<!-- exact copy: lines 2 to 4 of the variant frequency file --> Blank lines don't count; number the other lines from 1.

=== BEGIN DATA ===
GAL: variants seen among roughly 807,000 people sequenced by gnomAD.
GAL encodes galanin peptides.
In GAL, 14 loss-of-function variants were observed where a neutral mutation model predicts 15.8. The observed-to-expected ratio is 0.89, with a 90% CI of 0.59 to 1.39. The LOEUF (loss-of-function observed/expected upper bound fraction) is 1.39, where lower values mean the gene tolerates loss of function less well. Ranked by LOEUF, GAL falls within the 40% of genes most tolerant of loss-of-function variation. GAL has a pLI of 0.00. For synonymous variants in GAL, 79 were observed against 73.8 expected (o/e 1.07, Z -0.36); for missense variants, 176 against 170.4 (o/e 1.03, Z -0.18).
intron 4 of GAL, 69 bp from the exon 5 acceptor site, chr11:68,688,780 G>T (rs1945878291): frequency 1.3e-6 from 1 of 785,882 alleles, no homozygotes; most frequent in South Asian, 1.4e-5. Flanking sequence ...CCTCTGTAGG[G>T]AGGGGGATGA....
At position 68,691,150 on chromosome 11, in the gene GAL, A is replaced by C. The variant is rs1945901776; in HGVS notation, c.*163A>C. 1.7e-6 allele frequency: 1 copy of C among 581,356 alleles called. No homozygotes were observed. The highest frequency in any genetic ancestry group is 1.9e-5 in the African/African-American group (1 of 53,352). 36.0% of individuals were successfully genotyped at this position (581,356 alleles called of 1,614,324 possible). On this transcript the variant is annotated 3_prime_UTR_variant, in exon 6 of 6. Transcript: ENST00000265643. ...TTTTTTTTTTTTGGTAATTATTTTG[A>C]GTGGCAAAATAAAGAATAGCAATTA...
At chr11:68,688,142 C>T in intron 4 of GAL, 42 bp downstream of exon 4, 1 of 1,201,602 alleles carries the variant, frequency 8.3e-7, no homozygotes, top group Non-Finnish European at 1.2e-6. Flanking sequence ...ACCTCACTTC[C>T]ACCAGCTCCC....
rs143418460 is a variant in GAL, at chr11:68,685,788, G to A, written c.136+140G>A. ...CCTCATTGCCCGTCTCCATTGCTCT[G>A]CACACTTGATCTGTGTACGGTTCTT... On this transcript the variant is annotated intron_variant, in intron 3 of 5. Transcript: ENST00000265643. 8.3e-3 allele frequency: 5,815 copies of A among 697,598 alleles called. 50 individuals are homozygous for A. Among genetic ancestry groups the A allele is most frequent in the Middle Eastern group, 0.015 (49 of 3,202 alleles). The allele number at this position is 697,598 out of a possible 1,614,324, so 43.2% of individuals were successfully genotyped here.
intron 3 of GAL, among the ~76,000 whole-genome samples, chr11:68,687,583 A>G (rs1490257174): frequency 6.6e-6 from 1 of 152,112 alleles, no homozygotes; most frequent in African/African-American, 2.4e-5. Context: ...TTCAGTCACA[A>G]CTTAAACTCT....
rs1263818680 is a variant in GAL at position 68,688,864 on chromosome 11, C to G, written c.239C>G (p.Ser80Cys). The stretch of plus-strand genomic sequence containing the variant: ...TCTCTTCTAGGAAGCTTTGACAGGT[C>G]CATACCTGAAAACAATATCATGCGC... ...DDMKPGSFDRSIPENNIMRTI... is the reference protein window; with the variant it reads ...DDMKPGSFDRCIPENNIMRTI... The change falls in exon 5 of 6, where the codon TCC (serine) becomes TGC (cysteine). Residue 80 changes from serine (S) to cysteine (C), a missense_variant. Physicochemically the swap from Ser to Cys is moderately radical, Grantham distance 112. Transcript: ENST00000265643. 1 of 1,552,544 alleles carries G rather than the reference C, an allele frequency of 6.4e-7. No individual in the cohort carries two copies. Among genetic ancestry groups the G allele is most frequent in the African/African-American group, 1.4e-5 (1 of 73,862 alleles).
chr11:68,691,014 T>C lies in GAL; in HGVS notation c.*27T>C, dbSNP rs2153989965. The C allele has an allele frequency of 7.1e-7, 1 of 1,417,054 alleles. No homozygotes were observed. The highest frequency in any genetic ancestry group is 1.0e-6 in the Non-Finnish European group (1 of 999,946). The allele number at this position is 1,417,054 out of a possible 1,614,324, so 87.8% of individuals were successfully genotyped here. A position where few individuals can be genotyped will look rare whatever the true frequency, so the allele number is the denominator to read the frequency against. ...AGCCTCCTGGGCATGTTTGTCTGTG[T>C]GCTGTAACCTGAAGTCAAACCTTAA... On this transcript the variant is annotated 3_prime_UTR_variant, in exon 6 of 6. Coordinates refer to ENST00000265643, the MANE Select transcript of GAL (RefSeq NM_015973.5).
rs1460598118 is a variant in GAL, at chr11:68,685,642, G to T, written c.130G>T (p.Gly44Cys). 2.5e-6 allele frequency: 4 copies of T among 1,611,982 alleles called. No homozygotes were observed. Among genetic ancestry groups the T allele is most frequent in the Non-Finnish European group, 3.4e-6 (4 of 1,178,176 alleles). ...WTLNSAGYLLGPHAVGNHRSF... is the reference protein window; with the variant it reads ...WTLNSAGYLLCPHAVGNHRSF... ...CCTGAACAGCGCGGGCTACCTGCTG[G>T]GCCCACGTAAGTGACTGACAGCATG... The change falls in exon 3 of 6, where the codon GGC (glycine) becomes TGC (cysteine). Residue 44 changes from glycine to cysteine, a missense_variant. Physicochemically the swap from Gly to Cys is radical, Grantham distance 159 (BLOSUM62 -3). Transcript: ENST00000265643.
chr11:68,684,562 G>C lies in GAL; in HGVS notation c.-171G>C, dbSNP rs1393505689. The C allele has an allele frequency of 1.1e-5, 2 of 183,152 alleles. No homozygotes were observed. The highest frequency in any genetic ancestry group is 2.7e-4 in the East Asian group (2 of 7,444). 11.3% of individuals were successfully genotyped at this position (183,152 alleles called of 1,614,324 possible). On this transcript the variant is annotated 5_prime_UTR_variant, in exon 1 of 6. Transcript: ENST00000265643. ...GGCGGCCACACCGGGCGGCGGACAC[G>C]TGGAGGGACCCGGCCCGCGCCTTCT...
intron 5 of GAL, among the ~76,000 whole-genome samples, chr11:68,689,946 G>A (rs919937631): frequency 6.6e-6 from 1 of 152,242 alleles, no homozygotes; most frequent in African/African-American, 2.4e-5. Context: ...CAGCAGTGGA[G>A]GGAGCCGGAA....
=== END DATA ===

GAL encodes galanin peptides.
In GAL, 14 loss-of-function variants were observed where a neutral mutation model predicts 15.8. The observed-to-expected ratio is 0.89, with a 90% CI of 0.59 to 1.39. The LOEUF (loss-of-function observed/expected upper bound fraction) is 1.39, where lower values mean the gene tolerates loss of function less well. Ranked by LOEUF, GAL falls within the 40% of genes most tolerant of loss-of-function variation. GAL has a pLI of 0.00. For synonymous variants in GAL, 79 were observed against 73.8 expected (o/e 1.07, Z -0.36); for missense variants, 176 against 170.4 (o/e 1.03, Z -0.18).
intron 4 of GAL, 69 bp from the exon 5 acceptor site, chr11:68,688,780 G>T (rs1945878291): frequency 1.3e-6 from 1 of 785,882 alleles, no homozygotes; most frequent in South Asian, 1.4e-5. Flanking sequence ...CCTCTGTAGG[G>T]AGGGGGATGA....